RALEIGH — Jeff Skinner seemingly became as well-known for his dimpled smile as his goal-scoring prowess during a memorable rookie season with the Carolina Hurricanes.
He's young, and he's good, and it was apparent the 18-year-old forward was having a blast. It was all new and exciting, and he had a lot to smile about.
But it took the right words to coax a few out of him Monday. It's just that the sting of losing to the Tampa Bay Lightning on Saturday, of missing out on the Stanley Cup playoffs, was still wearing on him.
"It's tough. It's disappointing," Skinner said. "You can think of a lot of words to describe it. I mean, when you come so close and you work so hard and it comes down to the final game ..."
If Skinner proved anything this season, and he proved so much, it's that he burns to win. Forget the 31 goals or being the NHL's leading rookie scorer. Forget being selected for the All-Star Game or all the fan fawning that went with it.
There's playoff hockey to be played in the NHL, and Skinner and the Canes won't be a part of it.
"You think about getting that opportunity all the time and coming up big in that game and winning it and how good it feels, but it's tough when you lose it," he said. "I guess that's the feeling everyone is trying to deal with. It's tough when all that work comes down to one last game, and you let it slip away."
The Lightning won 6-2 Saturday night, and the New York Rangers, not the Canes, took the final playoff spot in the NHL's Eastern Conference.
"The pit that you have in your stomach, it will take a couple of weeks to go away," forward Erik Cole said Monday.
Despite the disappointment, there's no denying the kind of impact Skinner had this season - on the Canes, and in the league. He not only scored goals, but key goals.
"In the big games, he performed," forward Cory Stillman said.
Defenseman Joe Corvo laughed Monday in noting that at training camp he wasn't sure who Skinner was. Corvo said he initially mistook Skinner for Chris Terry, another young forward prospect with a left-handed shot and similar build.
"Then I got on the ice one time with him, and he was ripping it up, and I was like, 'Oh,'" Corvo said. "Once he got going ..."
Most rookies usually hit the proverbial "wall," physically and mentally, during their first year in the league. Canes coach Paul Maurice expected as much out of Skinner.
"I watched him very closely all year, waiting for that moment where I thought it was getting away from him and where I would need to grab an assistant [coach] and say, 'You need to get to this guy,'" Maurice said. "It never came.
"We as a team had that stretch in February after the All-Star Game, and his game wasn't right where we hoped it would be. But that was true of everybody, so he didn't stand out. Then, as things geared up, he got back going."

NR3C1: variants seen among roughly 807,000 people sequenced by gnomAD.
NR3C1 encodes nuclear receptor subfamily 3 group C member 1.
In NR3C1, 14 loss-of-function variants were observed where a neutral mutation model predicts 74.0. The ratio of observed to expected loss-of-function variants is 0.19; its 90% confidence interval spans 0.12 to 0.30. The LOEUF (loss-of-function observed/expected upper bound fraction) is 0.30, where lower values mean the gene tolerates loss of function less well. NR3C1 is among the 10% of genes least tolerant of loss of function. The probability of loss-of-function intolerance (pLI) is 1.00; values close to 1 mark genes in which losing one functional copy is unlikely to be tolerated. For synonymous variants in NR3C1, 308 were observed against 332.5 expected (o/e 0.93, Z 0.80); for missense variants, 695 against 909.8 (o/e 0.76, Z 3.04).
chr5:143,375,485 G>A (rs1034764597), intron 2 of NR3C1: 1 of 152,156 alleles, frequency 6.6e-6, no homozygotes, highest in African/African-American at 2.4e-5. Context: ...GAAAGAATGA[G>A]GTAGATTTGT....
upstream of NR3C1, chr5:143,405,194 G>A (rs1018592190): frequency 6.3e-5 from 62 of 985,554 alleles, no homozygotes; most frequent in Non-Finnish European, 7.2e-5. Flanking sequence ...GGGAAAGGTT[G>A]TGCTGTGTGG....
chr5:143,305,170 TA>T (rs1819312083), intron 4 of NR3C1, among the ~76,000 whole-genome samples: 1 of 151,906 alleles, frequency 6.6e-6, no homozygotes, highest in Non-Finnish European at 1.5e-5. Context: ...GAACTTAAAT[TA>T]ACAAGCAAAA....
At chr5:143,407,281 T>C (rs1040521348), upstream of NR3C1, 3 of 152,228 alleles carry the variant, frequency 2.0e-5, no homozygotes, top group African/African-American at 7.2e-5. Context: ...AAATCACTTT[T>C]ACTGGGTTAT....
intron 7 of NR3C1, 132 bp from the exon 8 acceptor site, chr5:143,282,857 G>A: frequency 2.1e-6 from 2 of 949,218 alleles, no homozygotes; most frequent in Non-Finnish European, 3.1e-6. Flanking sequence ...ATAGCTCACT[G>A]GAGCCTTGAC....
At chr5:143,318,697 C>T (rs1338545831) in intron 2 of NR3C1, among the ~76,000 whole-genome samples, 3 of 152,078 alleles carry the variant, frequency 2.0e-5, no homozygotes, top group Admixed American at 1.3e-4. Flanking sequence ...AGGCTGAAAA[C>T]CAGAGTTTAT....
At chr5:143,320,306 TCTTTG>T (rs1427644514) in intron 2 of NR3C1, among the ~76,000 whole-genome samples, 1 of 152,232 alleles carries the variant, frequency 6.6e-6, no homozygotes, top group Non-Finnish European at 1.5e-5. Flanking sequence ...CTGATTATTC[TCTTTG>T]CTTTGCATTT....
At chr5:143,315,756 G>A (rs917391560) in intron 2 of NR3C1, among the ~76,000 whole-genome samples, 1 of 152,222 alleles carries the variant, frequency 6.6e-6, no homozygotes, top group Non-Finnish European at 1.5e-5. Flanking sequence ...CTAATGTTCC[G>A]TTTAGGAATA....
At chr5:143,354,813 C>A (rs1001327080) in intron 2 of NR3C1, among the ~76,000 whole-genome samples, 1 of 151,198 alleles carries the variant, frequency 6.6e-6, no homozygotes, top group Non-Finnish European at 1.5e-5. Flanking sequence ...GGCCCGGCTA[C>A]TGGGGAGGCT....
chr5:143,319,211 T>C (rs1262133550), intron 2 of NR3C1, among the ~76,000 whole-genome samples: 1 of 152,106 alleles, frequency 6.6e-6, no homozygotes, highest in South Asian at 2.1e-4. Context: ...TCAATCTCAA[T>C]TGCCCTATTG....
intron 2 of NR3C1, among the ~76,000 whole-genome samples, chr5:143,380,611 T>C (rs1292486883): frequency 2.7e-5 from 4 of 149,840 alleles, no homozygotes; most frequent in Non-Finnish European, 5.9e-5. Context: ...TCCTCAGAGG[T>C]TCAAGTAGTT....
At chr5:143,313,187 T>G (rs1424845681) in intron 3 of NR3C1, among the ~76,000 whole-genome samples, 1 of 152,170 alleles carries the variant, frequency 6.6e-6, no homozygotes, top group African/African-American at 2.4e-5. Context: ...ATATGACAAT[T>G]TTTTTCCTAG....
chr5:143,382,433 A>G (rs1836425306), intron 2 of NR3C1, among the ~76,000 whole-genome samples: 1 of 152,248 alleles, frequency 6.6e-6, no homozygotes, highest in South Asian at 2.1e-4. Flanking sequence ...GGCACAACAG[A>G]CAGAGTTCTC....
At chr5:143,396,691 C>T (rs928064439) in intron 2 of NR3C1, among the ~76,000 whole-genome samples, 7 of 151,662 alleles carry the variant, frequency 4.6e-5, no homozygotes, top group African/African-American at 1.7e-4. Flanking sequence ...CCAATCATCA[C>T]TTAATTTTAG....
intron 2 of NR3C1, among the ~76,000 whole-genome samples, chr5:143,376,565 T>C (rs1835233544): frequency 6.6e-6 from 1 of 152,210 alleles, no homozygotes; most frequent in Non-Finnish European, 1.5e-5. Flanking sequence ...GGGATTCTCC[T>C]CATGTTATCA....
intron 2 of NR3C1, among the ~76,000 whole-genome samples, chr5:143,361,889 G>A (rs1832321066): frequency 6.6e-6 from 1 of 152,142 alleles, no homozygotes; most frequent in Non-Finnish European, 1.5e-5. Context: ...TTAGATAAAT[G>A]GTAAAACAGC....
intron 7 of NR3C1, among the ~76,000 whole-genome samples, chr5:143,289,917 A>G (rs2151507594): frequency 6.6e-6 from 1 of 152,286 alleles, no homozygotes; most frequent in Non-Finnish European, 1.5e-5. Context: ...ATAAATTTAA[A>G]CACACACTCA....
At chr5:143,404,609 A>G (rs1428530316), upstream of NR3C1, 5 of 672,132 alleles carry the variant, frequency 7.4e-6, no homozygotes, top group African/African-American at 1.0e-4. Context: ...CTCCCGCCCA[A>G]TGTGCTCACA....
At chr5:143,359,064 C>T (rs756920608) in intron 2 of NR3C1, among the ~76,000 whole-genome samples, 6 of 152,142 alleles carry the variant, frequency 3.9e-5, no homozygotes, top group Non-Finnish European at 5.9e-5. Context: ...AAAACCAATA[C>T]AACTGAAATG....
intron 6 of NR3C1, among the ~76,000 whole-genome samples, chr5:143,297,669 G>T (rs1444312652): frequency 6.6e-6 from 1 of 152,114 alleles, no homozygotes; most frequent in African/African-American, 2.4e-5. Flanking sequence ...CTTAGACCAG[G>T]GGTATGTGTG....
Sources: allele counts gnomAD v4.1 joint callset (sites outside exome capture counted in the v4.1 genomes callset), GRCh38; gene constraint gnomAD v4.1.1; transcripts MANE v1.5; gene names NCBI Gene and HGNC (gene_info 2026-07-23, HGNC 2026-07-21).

Skinner, the NHL's youngest player, said there was an emotional toll to playing 82 games, and especially with so many high-pressure games down the stretch. But the experience, he said, was invaluable and will help in the coming seasons.
Physically, Skinner held up well. He did not miss a game, even though opposing teams targeted and banged the 5-foot-10, 190-pound winger from Markham, Ontario.
"That's part of the game," Skinner said. "If you want to be a difference-maker and want to be a great player, it comes with it."
Skinner credits the rigorous offseason conditioning he did last summer with former NHL forward Gary Roberts in the Toronto area. He said the workouts with Roberts, a fitness fiend, would continue and that he would seek to get stronger and quicker.
Skinner also could compete for Team Canada in the IIHF World Championship in Slovakia. The international tournament begins April 29, and a decision on whether Skinner will play will be made soon, he said.
Skinner said he was thankful to the Canes for making him the seventh overall pick of the 2010 NHL Entry Draft and "taking a chance." He said he was thankful for the opportunity to play his first year, thankful for the help of his linemates.
Humble stuff, for sure, but the Hurricanes also have to be thankful for how Skinner responded to that opportunity. He's an exciting, charismatic player, the kind who can help fill the RBC Center.
"I've never had a player that young come in play the minutes he did and play such an important role, and very few teams ever do," Maurice said. "He was just a great surprise, a very special young man.
"I've had a few Hall of Fame players and a few great players that absolutely love the game and try to get better at it. It goes back to a love of the game, and Jeff Skinner just loves the game, loves being on the ice."
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